• Sarah Kay

Naturalistic Planting Designs

As the double threats of climate change and loss of biodiversity become more apparent, the trend for naturalistic planting design becomes more than a fashion and moves to an essential part of creating a sustainable and biodiverse space which attracts nature and encourages the gardener to do less not more to create a more self sustaining environment.



The 'New Perennial' pioneers including Piet Oudoulf take inspiration from the North American prairies with swathes of ornamental grasses interspersed with long season perennials whose Winter forms provide food and shelter for birds and insects.


Whilst most London gardens don't have the space to evoke this exact style there are elements which can be taken. Most gardens tend to have shady areas and need to look good all year round and this also dictates plant choice.


These are my 5 key elements I include when designing Naturalistic Planting


  1. Trees



All gardens, regardless of size need variation of height and I think the inclusion of trees, particularly multi stem trees with their beautiful forms and privacy giving structure, is essential to create a naturalistic feeling. Underplant with Spring bulbs and hard working ground cover perennials, grasses and ferns.


2. Evergreen Structure

Although the majority of a naturalistic planting scheme will be made up with grasses and herbaceous perennials, evergreens play an really important part in providing structure and solidity. Taxus baccata topiary, Hebe mounds and Pittosporum balls all work well as a contrasting forms to the soft and wispy surrounding planting.



3. Ornamental Grasses

Ornamental grasses are the obvious stars of the planting, working best planted in as large groups as space allows. Stipa tenuiissma, Miscanthus and Calamagrostis are the usual favourites but consider light, soil and evergreen aspects of grasses including Amenanthele lessionana, Luzula nivea,and Carex. Interspersing bulbs including Alliums and Tulip early in the season and perennials including Salvias, Hylotelephiums, Achillea, Echinops, Verbena, Echinachea and Helenium later in the season provides swathes or splashes of colour, dependant on how your space allows them to be planted.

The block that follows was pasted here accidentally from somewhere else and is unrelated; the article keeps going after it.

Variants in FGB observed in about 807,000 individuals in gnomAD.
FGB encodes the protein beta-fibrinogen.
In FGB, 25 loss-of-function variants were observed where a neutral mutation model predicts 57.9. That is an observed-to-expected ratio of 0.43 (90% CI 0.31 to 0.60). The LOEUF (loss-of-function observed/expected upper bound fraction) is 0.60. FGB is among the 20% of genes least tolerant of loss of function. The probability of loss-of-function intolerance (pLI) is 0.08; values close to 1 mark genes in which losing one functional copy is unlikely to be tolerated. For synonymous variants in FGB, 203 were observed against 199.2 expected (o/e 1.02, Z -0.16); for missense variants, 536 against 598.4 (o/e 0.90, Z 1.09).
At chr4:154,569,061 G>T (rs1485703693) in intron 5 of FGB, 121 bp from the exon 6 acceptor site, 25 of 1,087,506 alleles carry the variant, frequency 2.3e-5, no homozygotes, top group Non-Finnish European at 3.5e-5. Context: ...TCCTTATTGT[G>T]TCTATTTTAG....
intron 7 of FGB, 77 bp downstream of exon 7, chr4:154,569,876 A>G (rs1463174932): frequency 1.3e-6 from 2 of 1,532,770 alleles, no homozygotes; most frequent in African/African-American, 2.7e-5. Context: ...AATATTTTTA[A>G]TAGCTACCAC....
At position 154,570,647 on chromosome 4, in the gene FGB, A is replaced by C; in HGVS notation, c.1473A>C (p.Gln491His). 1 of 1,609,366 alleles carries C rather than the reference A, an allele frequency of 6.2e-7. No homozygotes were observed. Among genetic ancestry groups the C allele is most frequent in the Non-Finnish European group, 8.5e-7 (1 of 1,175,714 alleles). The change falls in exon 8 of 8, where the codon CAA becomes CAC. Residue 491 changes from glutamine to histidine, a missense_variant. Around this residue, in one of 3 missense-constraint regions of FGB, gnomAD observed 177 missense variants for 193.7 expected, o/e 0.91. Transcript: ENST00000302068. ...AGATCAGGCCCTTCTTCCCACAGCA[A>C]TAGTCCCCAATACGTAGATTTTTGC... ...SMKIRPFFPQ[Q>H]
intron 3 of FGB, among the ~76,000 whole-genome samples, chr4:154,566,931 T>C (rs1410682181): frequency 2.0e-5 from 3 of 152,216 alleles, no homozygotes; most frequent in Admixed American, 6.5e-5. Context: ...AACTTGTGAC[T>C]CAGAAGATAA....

4. Shade loving plants

Most gardens will have some element of shade so choose plants which enjoy a shady aspect. Ferns, Luzua nivea, Hellebores and Astrantia all enjoy shade a make for a naturalistic woodland look when incorporated with woodland bulbs such as Fritillaria and Galanthus.



5. Naturalising the lawn

Although not strictly part of the planting, allowing areas of your lawn to grow or naturalising bulbs in a lawn brings colour and pollinators into your garden and creates a link with the larger areas of plants.


I hope these tips help you to create a garden which not only looks good but helps our environment.


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